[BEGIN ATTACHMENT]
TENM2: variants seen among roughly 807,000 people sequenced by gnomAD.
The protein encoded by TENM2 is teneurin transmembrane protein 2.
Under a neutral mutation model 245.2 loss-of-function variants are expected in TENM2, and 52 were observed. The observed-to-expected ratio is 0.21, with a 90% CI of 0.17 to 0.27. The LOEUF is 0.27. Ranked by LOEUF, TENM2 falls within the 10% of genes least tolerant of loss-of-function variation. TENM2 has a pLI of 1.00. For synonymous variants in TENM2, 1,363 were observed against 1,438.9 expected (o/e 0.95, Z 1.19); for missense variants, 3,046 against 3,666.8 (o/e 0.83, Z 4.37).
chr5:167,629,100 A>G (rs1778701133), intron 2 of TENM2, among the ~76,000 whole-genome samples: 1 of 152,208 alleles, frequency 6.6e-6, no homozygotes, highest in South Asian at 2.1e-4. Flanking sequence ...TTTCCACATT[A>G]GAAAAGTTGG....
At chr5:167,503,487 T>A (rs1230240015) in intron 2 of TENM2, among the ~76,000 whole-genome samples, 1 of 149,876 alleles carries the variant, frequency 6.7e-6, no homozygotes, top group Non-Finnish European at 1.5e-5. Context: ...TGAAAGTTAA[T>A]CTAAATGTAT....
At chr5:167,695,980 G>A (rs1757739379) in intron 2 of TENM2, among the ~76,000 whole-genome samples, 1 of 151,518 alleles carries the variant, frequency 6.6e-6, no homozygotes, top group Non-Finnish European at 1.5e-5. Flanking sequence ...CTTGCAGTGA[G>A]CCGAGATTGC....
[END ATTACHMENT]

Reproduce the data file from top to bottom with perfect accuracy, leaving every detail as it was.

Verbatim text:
TENM2: variants seen among roughly 807,000 people sequenced by gnomAD.
The protein encoded by TENM2 is teneurin transmembrane protein 2.
Under a neutral mutation model 245.2 loss-of-function variants are expected in TENM2, and 52 were observed. The observed-to-expected ratio is 0.21, with a 90% CI of 0.17 to 0.27. The LOEUF is 0.27. Ranked by LOEUF, TENM2 falls within the 10% of genes least tolerant of loss-of-function variation. TENM2 has a pLI of 1.00. For synonymous variants in TENM2, 1,363 were observed against 1,438.9 expected (o/e 0.95, Z 1.19); for missense variants, 3,046 against 3,666.8 (o/e 0.83, Z 4.37).
chr5:167,629,100 A>G (rs1778701133), intron 2 of TENM2, among the ~76,000 whole-genome samples: 1 of 152,208 alleles, frequency 6.6e-6, no homozygotes, highest in South Asian at 2.1e-4. Flanking sequence ...TTTCCACATT[A>G]GAAAAGTTGG....
At chr5:167,503,487 T>A (rs1230240015) in intron 2 of TENM2, among the ~76,000 whole-genome samples, 1 of 149,876 alleles carries the variant, frequency 6.7e-6, no homozygotes, top group Non-Finnish European at 1.5e-5. Context: ...TGAAAGTTAA[T>A]CTAAATGTAT....
At chr5:167,695,980 G>A (rs1757739379) in intron 2 of TENM2, among the ~76,000 whole-genome samples, 1 of 151,518 alleles carries the variant, frequency 6.6e-6, no homozygotes, top group Non-Finnish European at 1.5e-5. Flanking sequence ...CTTGCAGTGA[G>A]CCGAGATTGC....